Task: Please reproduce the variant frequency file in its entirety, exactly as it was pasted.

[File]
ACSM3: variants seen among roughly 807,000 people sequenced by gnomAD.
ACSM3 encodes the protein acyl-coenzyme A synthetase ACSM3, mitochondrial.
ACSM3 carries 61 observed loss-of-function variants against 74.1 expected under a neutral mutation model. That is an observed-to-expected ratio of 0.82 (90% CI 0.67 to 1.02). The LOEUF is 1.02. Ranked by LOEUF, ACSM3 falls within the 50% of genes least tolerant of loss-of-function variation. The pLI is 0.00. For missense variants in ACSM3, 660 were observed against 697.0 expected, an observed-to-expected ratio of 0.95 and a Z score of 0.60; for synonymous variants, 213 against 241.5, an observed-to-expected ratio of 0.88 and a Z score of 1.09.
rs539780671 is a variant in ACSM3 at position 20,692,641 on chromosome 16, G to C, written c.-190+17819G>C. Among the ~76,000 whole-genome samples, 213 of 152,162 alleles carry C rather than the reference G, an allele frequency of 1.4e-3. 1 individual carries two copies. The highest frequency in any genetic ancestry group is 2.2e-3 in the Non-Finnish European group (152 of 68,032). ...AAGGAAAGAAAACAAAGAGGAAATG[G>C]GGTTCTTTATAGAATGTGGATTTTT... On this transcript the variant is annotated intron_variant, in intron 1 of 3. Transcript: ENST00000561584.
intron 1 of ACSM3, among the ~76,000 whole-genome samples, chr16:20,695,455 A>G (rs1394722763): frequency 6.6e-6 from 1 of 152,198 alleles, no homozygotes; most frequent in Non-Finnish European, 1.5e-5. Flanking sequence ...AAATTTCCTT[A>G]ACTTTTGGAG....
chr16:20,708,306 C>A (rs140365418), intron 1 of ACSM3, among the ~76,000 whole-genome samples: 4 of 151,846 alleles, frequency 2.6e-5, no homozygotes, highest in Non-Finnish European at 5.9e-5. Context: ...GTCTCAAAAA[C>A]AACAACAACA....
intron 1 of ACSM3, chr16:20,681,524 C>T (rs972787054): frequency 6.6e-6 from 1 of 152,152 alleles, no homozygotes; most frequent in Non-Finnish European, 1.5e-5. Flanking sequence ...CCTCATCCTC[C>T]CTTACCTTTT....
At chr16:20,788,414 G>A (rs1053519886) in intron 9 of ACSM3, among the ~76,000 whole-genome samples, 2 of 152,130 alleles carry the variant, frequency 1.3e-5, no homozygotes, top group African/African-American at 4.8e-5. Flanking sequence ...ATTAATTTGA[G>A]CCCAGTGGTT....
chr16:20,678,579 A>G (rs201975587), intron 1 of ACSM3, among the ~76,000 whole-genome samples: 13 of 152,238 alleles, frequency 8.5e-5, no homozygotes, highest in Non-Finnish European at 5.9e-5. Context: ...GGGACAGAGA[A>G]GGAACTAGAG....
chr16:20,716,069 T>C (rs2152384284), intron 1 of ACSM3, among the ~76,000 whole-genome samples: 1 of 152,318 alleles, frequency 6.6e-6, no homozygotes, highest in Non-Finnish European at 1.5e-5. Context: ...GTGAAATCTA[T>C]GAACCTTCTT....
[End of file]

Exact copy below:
ACSM3: variants seen among roughly 807,000 people sequenced by gnomAD.
ACSM3 encodes the protein acyl-coenzyme A synthetase ACSM3, mitochondrial.
ACSM3 carries 61 observed loss-of-function variants against 74.1 expected under a neutral mutation model. That is an observed-to-expected ratio of 0.82 (90% CI 0.67 to 1.02). The LOEUF is 1.02. Ranked by LOEUF, ACSM3 falls within the 50% of genes least tolerant of loss-of-function variation. The pLI is 0.00. For missense variants in ACSM3, 660 were observed against 697.0 expected, an observed-to-expected ratio of 0.95 and a Z score of 0.60; for synonymous variants, 213 against 241.5, an observed-to-expected ratio of 0.88 and a Z score of 1.09.
rs539780671 is a variant in ACSM3 at position 20,692,641 on chromosome 16, G to C, written c.-190+17819G>C. Among the ~76,000 whole-genome samples, 213 of 152,162 alleles carry C rather than the reference G, an allele frequency of 1.4e-3. 1 individual carries two copies. The highest frequency in any genetic ancestry group is 2.2e-3 in the Non-Finnish European group (152 of 68,032). ...AAGGAAAGAAAACAAAGAGGAAATG[G>C]GGTTCTTTATAGAATGTGGATTTTT... On this transcript the variant is annotated intron_variant, in intron 1 of 3. Transcript: ENST00000561584.
intron 1 of ACSM3, among the ~76,000 whole-genome samples, chr16:20,695,455 A>G (rs1394722763): frequency 6.6e-6 from 1 of 152,198 alleles, no homozygotes; most frequent in Non-Finnish European, 1.5e-5. Flanking sequence ...AAATTTCCTT[A>G]ACTTTTGGAG....
chr16:20,708,306 C>A (rs140365418), intron 1 of ACSM3, among the ~76,000 whole-genome samples: 4 of 151,846 alleles, frequency 2.6e-5, no homozygotes, highest in Non-Finnish European at 5.9e-5. Context: ...GTCTCAAAAA[C>A]AACAACAACA....
intron 1 of ACSM3, chr16:20,681,524 C>T (rs972787054): frequency 6.6e-6 from 1 of 152,152 alleles, no homozygotes; most frequent in Non-Finnish European, 1.5e-5. Flanking sequence ...CCTCATCCTC[C>T]CTTACCTTTT....
At chr16:20,788,414 G>A (rs1053519886) in intron 9 of ACSM3, among the ~76,000 whole-genome samples, 2 of 152,130 alleles carry the variant, frequency 1.3e-5, no homozygotes, top group African/African-American at 4.8e-5. Flanking sequence ...ATTAATTTGA[G>A]CCCAGTGGTT....
chr16:20,678,579 A>G (rs201975587), intron 1 of ACSM3, among the ~76,000 whole-genome samples: 13 of 152,238 alleles, frequency 8.5e-5, no homozygotes, highest in Non-Finnish European at 5.9e-5. Context: ...GGGACAGAGA[A>G]GGAACTAGAG....
chr16:20,716,069 T>C (rs2152384284), intron 1 of ACSM3, among the ~76,000 whole-genome samples: 1 of 152,318 alleles, frequency 6.6e-6, no homozygotes, highest in Non-Finnish European at 1.5e-5. Context: ...GTGAAATCTA[T>C]GAACCTTCTT....